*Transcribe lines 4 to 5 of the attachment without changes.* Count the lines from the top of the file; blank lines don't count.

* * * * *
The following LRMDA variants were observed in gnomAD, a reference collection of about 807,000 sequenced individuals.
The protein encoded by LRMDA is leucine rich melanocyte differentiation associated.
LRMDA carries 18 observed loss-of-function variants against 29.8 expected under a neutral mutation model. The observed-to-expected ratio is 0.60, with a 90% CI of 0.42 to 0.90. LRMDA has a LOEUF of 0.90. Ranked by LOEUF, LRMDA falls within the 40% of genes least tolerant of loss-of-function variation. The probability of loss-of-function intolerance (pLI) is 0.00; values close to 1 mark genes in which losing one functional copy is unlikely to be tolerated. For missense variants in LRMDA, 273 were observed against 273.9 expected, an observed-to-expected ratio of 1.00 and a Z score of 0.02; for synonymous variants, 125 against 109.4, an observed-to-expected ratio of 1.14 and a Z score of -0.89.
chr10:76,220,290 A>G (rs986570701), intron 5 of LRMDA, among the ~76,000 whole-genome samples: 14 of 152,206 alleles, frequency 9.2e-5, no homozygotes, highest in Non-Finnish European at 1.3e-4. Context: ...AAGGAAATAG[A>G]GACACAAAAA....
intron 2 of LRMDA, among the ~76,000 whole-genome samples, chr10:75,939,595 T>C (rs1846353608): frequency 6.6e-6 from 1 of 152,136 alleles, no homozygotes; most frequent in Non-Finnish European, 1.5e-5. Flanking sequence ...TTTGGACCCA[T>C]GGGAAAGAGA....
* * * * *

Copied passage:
chr10:76,220,290 A>G (rs986570701), intron 5 of LRMDA, among the ~76,000 whole-genome samples: 14 of 152,206 alleles, frequency 9.2e-5, no homozygotes, highest in Non-Finnish European at 1.3e-4. Context: ...AAGGAAATAG[A>G]GACACAAAAA....
intron 2 of LRMDA, among the ~76,000 whole-genome samples, chr10:75,939,595 T>C (rs1846353608): frequency 6.6e-6 from 1 of 152,136 alleles, no homozygotes; most frequent in Non-Finnish European, 1.5e-5. Flanking sequence ...TTTGGACCCA[T>C]GGGAAAGAGA....